maintained and also being used by most distributions, and takes into 
account some/most of the FHS except for specific binary placement. In 
additon, the LSB spec does have some limited usefulness to source 
builders. Granted, not a lot, but enough that it should at least be 
considered; initscripts and default cron jobs are case in point. Just 
one less thing that editors will have to take care of in the future 
(again, not much of a concern).
>>> * Multi-lib - Shunned previously, but there are many projects that
>>> expect this environment.
>>   For people who build from source, which projects *expect* multilib on
>> x86_64 ?
>>   I will agree that building a bi-arch desktop (that is, both 32-bit
>> and 64-bit Xorg, with some applications as 32-bit and others as
>> 64-bit), was a very educational exercise when I did it.  That was
>> back in the gnome-2.1x days - the real fun was in making some parts
>> of gnome 32-bit and others 64-bit).  Fun, but pointless.  On x64_64,
>> modern software runs fine as 64-bit.
> This pretty much fits into the same category as above.  The only reason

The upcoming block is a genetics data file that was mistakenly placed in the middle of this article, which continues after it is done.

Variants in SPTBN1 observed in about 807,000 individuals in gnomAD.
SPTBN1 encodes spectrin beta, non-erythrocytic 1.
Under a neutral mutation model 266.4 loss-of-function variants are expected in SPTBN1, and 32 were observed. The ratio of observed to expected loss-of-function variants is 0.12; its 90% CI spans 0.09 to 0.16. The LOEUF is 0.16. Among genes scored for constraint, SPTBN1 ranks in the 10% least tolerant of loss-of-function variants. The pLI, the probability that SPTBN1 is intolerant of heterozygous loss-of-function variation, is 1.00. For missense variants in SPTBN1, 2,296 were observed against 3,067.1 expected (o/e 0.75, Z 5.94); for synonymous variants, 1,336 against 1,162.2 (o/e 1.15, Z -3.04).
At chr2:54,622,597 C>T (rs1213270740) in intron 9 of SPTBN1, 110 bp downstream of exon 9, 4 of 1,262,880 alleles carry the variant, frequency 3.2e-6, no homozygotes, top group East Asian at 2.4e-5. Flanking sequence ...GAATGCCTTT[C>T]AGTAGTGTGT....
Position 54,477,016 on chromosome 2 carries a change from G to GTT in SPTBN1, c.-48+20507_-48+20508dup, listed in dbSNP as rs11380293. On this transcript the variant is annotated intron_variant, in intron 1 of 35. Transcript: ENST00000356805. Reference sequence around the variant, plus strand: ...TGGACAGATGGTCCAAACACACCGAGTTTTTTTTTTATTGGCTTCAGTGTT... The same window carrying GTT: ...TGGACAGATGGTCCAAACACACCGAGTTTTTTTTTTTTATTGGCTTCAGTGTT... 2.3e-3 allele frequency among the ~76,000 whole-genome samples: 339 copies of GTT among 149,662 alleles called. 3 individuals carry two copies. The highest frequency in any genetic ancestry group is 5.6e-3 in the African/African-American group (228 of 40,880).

> for lib64 to exist is for those proprietary packages that have not been
> updated for 64-bit operation.
Did you mean /lib containing 32bit libs? /lib64 we don't really have a 
choice about without more modifications, but the symlink works fine for 
> VirtualBox?  A system owned by Oracle?  I don't think I'm interested. Besides, there is now a 64-bit version.  Does it use 32-bit libraries?

Yes, both the source build and binary distribution require both 32bit 
and 64bit, specifically for the 32bit guest additions on 64bit hosts. 
What VM software do others use? I'm all for trying something different, 
unfortunately,  VPS doesn't quite fit the bill.
> Wine?  So you can run proprietary WIN applications?  See my comments
> about proprietary binaries.
Fortunately, for most tasks, there are many better options available 
(notice that I didn't say alternatives...I despise the negative 
connotation of that term), but there are still a few proprietary apps 
that some of us must be able to run. For the two apps I must run (a 
customer's in-house application who's last revision was in 1996), I'm 
personally quite thrilled that I am not forced to dual boot or even have 
Windows in a VM laying around any longer.

OT: Yes, I've been trying for years to get them to go to something off